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Telescopes, Binoculars, and the Fourth Amendment

NCJ Number
Cornell Law Review Volume: 67 Issue: 2 Dated: (January 1982) Pages: 379-395
L K Marks
Date Published
17 pages
This note critically reviews the reasonable expectation of privacy standard as applied to evidence obtained through telescope and binocular surveillance.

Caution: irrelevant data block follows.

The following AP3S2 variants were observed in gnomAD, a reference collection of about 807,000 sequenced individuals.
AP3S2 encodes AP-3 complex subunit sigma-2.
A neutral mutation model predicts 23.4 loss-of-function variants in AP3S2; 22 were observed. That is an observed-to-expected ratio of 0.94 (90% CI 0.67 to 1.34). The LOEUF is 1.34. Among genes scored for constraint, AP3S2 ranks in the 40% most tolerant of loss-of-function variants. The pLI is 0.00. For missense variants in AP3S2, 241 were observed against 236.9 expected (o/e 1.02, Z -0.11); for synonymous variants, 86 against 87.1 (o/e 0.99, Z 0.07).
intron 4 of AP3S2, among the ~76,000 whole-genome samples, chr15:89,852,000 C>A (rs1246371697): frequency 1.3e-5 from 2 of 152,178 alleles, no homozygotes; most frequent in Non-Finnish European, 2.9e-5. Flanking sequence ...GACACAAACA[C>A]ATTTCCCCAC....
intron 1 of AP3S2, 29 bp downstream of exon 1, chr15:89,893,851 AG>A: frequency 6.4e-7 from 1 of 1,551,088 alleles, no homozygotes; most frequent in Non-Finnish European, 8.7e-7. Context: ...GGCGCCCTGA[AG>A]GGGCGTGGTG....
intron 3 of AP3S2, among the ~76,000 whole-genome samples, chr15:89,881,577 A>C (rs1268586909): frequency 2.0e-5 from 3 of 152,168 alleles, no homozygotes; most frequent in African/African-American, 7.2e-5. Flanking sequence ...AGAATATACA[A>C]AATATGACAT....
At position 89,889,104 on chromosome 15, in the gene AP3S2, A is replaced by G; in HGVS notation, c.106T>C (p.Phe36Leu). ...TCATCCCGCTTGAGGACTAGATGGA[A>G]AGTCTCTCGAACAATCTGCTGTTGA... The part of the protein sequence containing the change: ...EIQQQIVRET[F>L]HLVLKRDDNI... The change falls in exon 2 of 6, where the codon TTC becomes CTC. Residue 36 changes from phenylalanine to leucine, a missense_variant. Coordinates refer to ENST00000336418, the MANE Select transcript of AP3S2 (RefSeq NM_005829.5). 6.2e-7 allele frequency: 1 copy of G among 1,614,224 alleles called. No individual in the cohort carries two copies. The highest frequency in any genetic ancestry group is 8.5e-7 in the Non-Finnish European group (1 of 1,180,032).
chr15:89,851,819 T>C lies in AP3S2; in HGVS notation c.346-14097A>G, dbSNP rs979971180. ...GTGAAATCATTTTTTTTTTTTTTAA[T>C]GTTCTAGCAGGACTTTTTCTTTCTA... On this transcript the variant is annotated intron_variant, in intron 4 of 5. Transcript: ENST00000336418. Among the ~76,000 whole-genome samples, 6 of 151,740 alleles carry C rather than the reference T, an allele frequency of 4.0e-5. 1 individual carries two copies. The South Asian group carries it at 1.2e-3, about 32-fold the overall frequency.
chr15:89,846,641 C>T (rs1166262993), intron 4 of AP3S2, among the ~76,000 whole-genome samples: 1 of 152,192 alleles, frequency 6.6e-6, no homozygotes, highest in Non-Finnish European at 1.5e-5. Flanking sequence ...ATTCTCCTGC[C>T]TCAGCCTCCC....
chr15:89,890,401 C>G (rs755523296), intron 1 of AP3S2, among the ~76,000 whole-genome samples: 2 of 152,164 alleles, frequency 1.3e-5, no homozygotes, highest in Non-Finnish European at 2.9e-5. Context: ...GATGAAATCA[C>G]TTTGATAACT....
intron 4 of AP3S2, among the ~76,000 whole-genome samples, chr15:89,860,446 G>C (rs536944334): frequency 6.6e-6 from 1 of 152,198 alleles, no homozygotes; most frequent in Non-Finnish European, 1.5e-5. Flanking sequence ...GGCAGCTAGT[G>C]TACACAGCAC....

It suggests that police use of telescopes and binoculars to observe activities or objects unobservable from a proper location by the 'naked eye' violates an individual's expectation of privacy. The U.S. Supreme Court's landmark decision in Boyd v. United States triggered the ultimate development of the reasonable expectation of privacy standard. The Court emphasized the function and spirit of the fourth amendment and stressed the need to construe liberally constitutional provisions protecting the security of persons and property. The Court's decision in Olmstead v. United States signaled a retreat from the expansive doctrine set forth in Boyd. Justice Brandeis, dissenting, maintained that the majority erred in restricting the fourth amendment to physical trespasses on constitutionally protected areas. Nearly 40 years later, in Katz v. United States, the Court repudiated the Olmstead trespass doctrine. This decision requires that courts determine whether government activity has violated a defendant's reasonable expectation of privacy. This means that the use of telescopes or binoculars to observe activity or objects that a person could not have viewed from a lawful location without the use of these aids violates reasonable expectations of privacy and that evidence so obtained must be excluded. The note argues that courts should weigh the threat to a free and open society posed by visual enhancement devices against the techiques' utility to law enforcement.